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Development of German drug legislation

Controlled substances (narcotics)

Criminal and administrative offences as stipulated in the Narcotics Act (BtMG)

Drug use and possession

Enforcement, prosecution and judicial decisions

Prevention, care and treatment

Precursors

 

Development of German drug legislation

            When narcotic drugs abuse increased in Germany at the end of the 1960's, the legal situation with regard to drug abuse and illicit drug trafficking was still subject to the Opium Act of 1929. Therefore, a new Narcotics Act [1] (German: "Betäubungsmittelgesetz") was adopted in 1971. It was based on the so-called Single Convention on Narcotic Drugs of 1961 as well as on the draft of the new Convention of 1971 on Psychotropic Substances. The standard term "narcotics" used in the text below comprises all narcotic drugs and psychotropic substances within the meaning of the aforementioned international drug conventions.

            In response to the further worsening of the drug situation, Members of the German Bundestag and the Federal Government soon afterwards submitted various initiatives for a complete revision of the narcotics law. These initiatives evolved into a body of reforms that included a completely new "Act to Regulate the Trade in Narcotics" (Narcotics Act - BtMG) that was passed almost unanimously by the German Bundestag on 28th July 1981 and entered into force on 1st January 1982. It is the central German law governing narcotics although it has been amended several times meanwhile (see below).

            The paramount objective of the Narcotics Act [1] is the protection of human health. In pursuit of this objective, the Narcotics Act incorporates the following five sets of provisions:

  1. conclusive list of all narcotics as defined by this Act in schedules I to III (schedules as set out in section 1 subs 1);
  2. legal manufacture, trade and operations as well as licensing procedures (sections 3 to 12, 14, 17, 18);
  3. medical prescription of narcotics (section 13);
  4. criminal and administrative offences (sections 29 to 34); and
  5. alternative measures for drug-addicted offenders (sections 34 to 38); these measures were first introduced in 1982 (compare details below: chapter "prevention, care, treatment").

             In addition, the Federal Government issued four statutory ordinances on the basis of the Narcotics Act regulating the following sectors in detail:

  • the prescription of narcotic drugs by physicians, dentists and veterinarians (Narcotic Drugs Prescription Ordinance – BtMVV) [2];
  • the domestic trade in narcotics (Ordinance on the Domestic Trade in Narcotic Drugs – BtMBinHV) [3];
  • the foreign trade in narcotics (Ordinance concerning the Foreign Trade in Narcotics – BtMAHV) [4] and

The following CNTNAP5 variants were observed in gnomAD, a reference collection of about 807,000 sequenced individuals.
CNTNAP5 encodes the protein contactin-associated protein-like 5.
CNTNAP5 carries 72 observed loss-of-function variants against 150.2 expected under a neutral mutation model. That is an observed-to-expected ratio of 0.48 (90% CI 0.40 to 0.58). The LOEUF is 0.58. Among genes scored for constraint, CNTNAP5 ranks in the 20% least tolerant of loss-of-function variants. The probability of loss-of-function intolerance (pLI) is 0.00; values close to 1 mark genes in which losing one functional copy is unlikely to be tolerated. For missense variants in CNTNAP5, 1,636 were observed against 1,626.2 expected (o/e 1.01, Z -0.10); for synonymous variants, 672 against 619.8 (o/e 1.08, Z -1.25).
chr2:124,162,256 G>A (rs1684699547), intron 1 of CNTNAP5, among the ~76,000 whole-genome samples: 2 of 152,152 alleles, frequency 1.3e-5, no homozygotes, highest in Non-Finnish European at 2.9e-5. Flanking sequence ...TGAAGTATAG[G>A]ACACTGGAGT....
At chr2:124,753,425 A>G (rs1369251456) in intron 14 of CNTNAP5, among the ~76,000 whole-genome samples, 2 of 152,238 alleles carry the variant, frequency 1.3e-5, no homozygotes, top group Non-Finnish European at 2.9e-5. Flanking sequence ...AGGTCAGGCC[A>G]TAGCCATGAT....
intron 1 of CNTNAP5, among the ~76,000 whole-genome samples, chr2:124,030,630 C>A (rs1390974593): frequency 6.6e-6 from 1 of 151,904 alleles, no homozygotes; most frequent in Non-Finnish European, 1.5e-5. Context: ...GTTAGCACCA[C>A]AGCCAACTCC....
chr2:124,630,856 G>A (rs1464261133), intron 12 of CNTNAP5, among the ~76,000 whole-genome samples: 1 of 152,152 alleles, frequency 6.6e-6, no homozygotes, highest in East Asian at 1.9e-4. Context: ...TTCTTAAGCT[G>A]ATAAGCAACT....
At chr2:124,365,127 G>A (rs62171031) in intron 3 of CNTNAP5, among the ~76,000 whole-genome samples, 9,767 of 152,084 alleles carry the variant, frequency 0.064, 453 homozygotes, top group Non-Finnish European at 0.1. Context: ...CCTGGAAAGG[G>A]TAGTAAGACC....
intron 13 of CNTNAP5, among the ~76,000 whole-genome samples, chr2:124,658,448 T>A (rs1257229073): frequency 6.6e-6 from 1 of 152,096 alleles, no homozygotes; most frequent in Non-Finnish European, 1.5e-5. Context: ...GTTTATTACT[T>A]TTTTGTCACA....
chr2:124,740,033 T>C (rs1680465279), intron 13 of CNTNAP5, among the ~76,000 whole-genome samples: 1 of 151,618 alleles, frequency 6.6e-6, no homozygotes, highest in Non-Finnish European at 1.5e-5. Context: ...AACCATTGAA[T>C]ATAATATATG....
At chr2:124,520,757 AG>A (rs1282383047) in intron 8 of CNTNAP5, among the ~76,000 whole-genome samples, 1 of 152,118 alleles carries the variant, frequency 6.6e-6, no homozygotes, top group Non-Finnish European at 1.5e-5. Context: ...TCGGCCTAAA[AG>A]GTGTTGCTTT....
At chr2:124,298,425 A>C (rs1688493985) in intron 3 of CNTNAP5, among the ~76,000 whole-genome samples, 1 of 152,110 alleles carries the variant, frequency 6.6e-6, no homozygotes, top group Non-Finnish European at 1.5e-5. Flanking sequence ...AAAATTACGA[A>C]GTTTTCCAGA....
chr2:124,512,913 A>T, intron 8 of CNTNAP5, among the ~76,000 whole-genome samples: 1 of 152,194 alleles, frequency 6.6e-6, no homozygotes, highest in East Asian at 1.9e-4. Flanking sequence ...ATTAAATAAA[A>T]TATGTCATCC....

• the costs and fees chargeable for the various official acts performed by the Federal Institute for Drugs and Medical Devices (BfArM) for the purpose of monitoring the licit trade and traffic in narcotics (Narcotics – Ordinance on Charges - BtMKostV) [5].

 

            In the broader sense, the narcotic drugs legislation also includes the Precursor Monitoring Act the revised version of which entered into force on 19th March 2008. Moreover, in Germany and the other Member States, several EC regulations are directly applicable to the trade in precursors with countries inside and outside the European Union.

             Last but not least the Criminal Code (StGB), the Code of Criminal Procedure (StPO)and the Juvenile Courts Act (JGG) include important statutory bases for the implementation of investigations and criminal proceedings in cases of illicit trade in narcotics and precursors.

            Since its entry into force in 1982, the Narcotics Act has been extensively amended several times. The most important amendments include the following:

  • the explicit statutory recognition of substitution-based treatment for drug addicts (section 13 subs. 1 sentence 1);
  • the extension of the range of punishment for basic drug offences from "imprisonment of up to four years or a fine" to "imprisonment of up to five years or a fine" (cf section 29 subs. 1);
  • the legal clarification that the supply of sterile disposable syringes to addicts is not liable to prosecution (section 29 subs. 1 sentence 2);
  • eased option of refraining from prosecution in case of minor "personal use" offences based on the sole decision of the public prosecutor without obtaining the consent of the court (decriminalisation pursuant to section 31a);
  • new legal provisions that make it easier for convicted drug-addicted offenders to start or resume drug rehab therapy as an alternative to imprisonment according to the prerequisites set out in sections 35 to 38 of the Narcotics Act;
  • introduction of new penal offences and severe minimum penalties into the Narcotics Act for cases of serious drug trafficking by virtue of the Crime Suppression Act and the Act on Combating Organized Crime (OrgKG);